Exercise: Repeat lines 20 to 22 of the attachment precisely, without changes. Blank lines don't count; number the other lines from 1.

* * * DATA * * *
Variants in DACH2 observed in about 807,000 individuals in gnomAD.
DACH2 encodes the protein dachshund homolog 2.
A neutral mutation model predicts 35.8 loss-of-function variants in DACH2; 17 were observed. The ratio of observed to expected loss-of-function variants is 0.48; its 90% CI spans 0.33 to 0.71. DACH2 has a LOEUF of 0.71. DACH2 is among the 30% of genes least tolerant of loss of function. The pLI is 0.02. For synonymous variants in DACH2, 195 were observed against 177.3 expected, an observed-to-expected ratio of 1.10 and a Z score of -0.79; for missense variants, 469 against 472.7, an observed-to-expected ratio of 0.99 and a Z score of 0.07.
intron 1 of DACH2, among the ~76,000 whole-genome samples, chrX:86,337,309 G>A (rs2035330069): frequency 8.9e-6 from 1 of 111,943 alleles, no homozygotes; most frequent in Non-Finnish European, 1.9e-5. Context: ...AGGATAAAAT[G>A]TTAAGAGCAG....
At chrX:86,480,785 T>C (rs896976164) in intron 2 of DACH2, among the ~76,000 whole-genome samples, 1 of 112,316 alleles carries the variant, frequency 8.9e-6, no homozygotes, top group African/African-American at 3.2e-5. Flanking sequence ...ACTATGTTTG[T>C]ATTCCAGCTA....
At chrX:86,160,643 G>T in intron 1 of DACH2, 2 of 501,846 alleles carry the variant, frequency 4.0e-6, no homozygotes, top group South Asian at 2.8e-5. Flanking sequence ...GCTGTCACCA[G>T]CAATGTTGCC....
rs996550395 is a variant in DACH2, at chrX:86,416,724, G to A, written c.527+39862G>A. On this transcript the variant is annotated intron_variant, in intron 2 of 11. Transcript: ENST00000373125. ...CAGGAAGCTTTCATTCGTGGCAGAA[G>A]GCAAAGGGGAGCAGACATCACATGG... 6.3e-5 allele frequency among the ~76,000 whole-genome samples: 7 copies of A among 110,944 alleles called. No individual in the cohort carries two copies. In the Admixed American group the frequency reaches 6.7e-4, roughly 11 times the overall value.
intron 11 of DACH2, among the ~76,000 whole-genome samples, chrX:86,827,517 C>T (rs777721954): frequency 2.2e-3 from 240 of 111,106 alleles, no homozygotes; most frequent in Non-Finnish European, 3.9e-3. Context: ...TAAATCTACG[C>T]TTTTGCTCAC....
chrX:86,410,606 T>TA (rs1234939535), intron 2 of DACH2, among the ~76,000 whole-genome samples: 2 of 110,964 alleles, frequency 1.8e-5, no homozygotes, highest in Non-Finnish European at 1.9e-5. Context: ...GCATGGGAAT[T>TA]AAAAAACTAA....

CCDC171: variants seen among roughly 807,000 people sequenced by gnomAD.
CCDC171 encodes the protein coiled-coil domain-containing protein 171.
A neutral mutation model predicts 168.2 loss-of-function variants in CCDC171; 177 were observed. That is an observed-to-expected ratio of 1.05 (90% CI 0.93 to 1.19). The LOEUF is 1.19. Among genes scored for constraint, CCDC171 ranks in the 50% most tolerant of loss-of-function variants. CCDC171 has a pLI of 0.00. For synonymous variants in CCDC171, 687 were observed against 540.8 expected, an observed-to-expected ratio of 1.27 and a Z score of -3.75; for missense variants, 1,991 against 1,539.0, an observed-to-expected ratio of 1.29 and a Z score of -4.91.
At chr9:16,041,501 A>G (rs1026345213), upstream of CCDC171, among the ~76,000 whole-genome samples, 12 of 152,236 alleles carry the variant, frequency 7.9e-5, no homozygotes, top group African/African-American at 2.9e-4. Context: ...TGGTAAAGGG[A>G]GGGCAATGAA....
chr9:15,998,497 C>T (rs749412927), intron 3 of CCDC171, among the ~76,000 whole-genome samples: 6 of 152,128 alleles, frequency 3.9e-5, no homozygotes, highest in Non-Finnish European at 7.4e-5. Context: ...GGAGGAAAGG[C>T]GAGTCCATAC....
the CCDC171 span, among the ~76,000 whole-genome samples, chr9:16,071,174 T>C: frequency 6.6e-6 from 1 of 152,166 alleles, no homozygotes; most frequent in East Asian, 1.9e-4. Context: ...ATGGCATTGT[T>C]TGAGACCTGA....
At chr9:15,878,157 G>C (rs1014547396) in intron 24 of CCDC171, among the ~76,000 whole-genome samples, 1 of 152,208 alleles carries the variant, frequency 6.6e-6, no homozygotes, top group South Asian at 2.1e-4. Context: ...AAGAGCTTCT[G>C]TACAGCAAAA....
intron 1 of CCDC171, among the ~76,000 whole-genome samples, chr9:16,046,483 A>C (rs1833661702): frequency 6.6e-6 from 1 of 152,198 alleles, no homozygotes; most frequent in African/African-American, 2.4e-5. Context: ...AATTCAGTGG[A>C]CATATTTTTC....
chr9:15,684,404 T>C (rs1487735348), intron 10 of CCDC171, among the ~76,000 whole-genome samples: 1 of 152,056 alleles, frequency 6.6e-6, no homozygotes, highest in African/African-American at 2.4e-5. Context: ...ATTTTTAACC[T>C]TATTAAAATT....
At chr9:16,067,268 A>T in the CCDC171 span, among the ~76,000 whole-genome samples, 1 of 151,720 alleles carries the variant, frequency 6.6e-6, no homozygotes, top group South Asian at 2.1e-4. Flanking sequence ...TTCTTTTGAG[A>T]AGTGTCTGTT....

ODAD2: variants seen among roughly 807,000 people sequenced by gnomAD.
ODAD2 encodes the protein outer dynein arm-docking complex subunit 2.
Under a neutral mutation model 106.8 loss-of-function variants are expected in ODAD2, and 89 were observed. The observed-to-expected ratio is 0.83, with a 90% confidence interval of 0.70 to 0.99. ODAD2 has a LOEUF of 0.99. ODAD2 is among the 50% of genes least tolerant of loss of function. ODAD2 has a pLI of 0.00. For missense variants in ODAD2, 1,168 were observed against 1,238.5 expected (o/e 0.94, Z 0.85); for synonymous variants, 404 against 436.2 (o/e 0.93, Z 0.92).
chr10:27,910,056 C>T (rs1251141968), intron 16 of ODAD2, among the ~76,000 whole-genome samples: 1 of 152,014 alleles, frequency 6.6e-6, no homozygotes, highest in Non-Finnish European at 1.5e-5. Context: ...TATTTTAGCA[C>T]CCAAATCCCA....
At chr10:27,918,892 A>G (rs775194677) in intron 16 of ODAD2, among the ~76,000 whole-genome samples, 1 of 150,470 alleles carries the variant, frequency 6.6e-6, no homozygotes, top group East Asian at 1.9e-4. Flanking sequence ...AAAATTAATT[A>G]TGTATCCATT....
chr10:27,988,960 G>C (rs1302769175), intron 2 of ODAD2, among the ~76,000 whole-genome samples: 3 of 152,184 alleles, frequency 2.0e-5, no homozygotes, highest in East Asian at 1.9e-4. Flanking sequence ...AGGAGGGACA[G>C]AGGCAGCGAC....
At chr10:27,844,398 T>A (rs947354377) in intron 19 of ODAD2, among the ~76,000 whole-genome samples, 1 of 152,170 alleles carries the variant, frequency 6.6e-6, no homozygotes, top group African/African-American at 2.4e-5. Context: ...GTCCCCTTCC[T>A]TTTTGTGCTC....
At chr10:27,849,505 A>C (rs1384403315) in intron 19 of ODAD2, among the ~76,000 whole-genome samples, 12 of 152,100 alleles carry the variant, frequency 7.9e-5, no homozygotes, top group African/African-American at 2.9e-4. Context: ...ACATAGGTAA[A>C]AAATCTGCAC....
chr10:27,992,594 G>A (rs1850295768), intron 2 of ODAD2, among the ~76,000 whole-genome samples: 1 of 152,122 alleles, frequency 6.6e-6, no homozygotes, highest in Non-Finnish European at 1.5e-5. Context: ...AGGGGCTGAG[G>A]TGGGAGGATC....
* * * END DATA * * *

ODAD2: variants seen among roughly 807,000 people sequenced by gnomAD.
ODAD2 encodes the protein outer dynein arm-docking complex subunit 2.
Under a neutral mutation model 106.8 loss-of-function variants are expected in ODAD2, and 89 were observed. The observed-to-expected ratio is 0.83, with a 90% confidence interval of 0.70 to 0.99. ODAD2 has a LOEUF of 0.99. ODAD2 is among the 50% of genes least tolerant of loss of function. ODAD2 has a pLI of 0.00. For missense variants in ODAD2, 1,168 were observed against 1,238.5 expected (o/e 0.94, Z 0.85); for synonymous variants, 404 against 436.2 (o/e 0.93, Z 0.92).